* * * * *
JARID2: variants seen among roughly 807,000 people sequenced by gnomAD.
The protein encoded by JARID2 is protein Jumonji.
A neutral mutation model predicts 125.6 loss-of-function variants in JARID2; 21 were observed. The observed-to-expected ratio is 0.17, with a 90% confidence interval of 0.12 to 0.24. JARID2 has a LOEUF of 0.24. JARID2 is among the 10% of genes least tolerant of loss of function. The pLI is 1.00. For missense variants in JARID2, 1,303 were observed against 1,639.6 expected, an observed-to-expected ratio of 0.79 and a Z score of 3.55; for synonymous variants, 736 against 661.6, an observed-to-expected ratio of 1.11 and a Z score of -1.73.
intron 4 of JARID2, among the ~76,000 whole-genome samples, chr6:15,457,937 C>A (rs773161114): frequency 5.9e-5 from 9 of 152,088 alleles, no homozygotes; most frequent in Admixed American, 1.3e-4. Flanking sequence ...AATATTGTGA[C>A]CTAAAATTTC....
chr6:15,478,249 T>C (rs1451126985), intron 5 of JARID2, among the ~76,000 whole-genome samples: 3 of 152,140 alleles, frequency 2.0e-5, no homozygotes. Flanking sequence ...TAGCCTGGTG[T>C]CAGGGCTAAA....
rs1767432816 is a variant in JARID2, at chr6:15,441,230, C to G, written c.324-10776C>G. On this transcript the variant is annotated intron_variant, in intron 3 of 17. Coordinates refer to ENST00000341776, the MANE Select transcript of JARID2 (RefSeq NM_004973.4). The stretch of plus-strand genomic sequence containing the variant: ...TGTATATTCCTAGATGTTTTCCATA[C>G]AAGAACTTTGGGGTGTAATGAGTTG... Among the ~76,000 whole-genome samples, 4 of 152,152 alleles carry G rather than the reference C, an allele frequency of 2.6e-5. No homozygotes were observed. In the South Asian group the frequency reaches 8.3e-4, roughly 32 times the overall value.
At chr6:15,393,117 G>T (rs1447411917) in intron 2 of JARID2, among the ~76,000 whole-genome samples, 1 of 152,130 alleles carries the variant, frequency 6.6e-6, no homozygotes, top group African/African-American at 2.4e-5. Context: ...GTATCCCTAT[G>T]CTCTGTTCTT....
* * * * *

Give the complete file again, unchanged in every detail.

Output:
JARID2: variants seen among roughly 807,000 people sequenced by gnomAD.
The protein encoded by JARID2 is protein Jumonji.
A neutral mutation model predicts 125.6 loss-of-function variants in JARID2; 21 were observed. The observed-to-expected ratio is 0.17, with a 90% confidence interval of 0.12 to 0.24. JARID2 has a LOEUF of 0.24. JARID2 is among the 10% of genes least tolerant of loss of function. The pLI is 1.00. For missense variants in JARID2, 1,303 were observed against 1,639.6 expected, an observed-to-expected ratio of 0.79 and a Z score of 3.55; for synonymous variants, 736 against 661.6, an observed-to-expected ratio of 1.11 and a Z score of -1.73.
intron 4 of JARID2, among the ~76,000 whole-genome samples, chr6:15,457,937 C>A (rs773161114): frequency 5.9e-5 from 9 of 152,088 alleles, no homozygotes; most frequent in Admixed American, 1.3e-4. Flanking sequence ...AATATTGTGA[C>A]CTAAAATTTC....
chr6:15,478,249 T>C (rs1451126985), intron 5 of JARID2, among the ~76,000 whole-genome samples: 3 of 152,140 alleles, frequency 2.0e-5, no homozygotes. Flanking sequence ...TAGCCTGGTG[T>C]CAGGGCTAAA....
rs1767432816 is a variant in JARID2, at chr6:15,441,230, C to G, written c.324-10776C>G. On this transcript the variant is annotated intron_variant, in intron 3 of 17. Coordinates refer to ENST00000341776, the MANE Select transcript of JARID2 (RefSeq NM_004973.4). The stretch of plus-strand genomic sequence containing the variant: ...TGTATATTCCTAGATGTTTTCCATA[C>G]AAGAACTTTGGGGTGTAATGAGTTG... Among the ~76,000 whole-genome samples, 4 of 152,152 alleles carry G rather than the reference C, an allele frequency of 2.6e-5. No homozygotes were observed. In the South Asian group the frequency reaches 8.3e-4, roughly 32 times the overall value.
At chr6:15,393,117 G>T (rs1447411917) in intron 2 of JARID2, among the ~76,000 whole-genome samples, 1 of 152,130 alleles carries the variant, frequency 6.6e-6, no homozygotes, top group African/African-American at 2.4e-5. Context: ...GTATCCCTAT[G>T]CTCTGTTCTT....